Thanks to the endless distraction of the internet, smartphones, game boys, portable music, and so much more, we’re less bored than ever. However, that may not be the best thing—it turns out boredom might be useful after all.
A study presented at the annual conference of the British Psychological Society has found that boredom can produce creativity. In one test, researchers asked a group of forty people to do something boring: copy out phone numbers from a phone book for fifteen minutes. Then, they and a control group who didn’t have to copy phone numbers were given two polystyrene cups and asked to come up with creative ways to use them. It turns out, the people who were first bored came up with more creative ways to use their polystyrene cups than the others.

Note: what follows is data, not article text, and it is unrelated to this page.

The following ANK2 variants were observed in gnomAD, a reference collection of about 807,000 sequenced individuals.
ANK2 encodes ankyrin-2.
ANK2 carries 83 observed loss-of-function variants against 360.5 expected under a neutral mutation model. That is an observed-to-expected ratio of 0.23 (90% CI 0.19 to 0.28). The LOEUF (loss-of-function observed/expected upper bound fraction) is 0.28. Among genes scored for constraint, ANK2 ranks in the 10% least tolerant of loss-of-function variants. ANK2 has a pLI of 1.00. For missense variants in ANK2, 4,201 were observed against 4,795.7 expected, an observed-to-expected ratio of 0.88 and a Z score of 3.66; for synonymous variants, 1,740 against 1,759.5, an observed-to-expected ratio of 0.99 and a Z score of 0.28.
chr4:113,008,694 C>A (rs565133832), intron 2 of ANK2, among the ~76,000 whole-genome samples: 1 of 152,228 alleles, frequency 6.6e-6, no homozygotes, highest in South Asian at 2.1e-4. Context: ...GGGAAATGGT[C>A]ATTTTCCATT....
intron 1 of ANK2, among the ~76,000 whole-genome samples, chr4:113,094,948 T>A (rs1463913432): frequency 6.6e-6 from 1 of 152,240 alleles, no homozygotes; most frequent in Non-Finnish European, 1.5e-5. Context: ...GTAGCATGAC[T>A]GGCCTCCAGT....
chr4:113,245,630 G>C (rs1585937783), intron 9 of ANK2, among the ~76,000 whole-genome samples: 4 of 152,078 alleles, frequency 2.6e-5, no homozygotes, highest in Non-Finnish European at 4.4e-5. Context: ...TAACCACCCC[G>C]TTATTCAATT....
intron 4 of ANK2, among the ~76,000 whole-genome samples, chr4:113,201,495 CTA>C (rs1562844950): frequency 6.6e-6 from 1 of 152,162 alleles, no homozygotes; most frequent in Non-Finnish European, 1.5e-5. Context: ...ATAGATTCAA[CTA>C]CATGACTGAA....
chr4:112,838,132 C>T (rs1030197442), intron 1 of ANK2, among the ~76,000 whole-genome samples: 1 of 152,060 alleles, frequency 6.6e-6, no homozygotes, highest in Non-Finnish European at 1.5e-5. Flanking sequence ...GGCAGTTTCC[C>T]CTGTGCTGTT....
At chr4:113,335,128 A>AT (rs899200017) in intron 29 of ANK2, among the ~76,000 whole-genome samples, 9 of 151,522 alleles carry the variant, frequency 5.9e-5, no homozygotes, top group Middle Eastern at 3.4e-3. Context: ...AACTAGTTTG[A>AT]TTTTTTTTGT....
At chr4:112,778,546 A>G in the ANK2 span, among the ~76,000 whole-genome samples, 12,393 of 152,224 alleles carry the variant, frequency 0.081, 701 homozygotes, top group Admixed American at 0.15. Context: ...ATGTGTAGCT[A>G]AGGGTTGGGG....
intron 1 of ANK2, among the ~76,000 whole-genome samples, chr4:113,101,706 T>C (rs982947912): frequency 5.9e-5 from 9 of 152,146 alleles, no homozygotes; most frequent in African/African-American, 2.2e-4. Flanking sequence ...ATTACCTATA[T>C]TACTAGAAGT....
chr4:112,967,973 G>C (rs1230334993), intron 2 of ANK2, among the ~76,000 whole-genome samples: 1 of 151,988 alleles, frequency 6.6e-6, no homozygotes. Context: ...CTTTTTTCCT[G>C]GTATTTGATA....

In another test, half the participants were given the boring task of copying phone numbers, but the other half were given the even more boring task of just reading phone numbers. This time, the group with the even more boring task came up with more creative ways to use their polystyrene cups.
Of course, the million-dollar question is: how useful is this? Should a manager schedule a boring meeting in the hopes that employees will respond with creativity? Maybe not. It occurs to us that we come up with plenty of creative ideas in meetings, but they tend to be about a new wood-working project or the most spectacular way to run the company into the ground.
On the other hand, boredom might be useful in your personal life. And even if it isn’t, we sort of like the idea of having nothing to do—no project, no event, no errand—on a Saturday morning.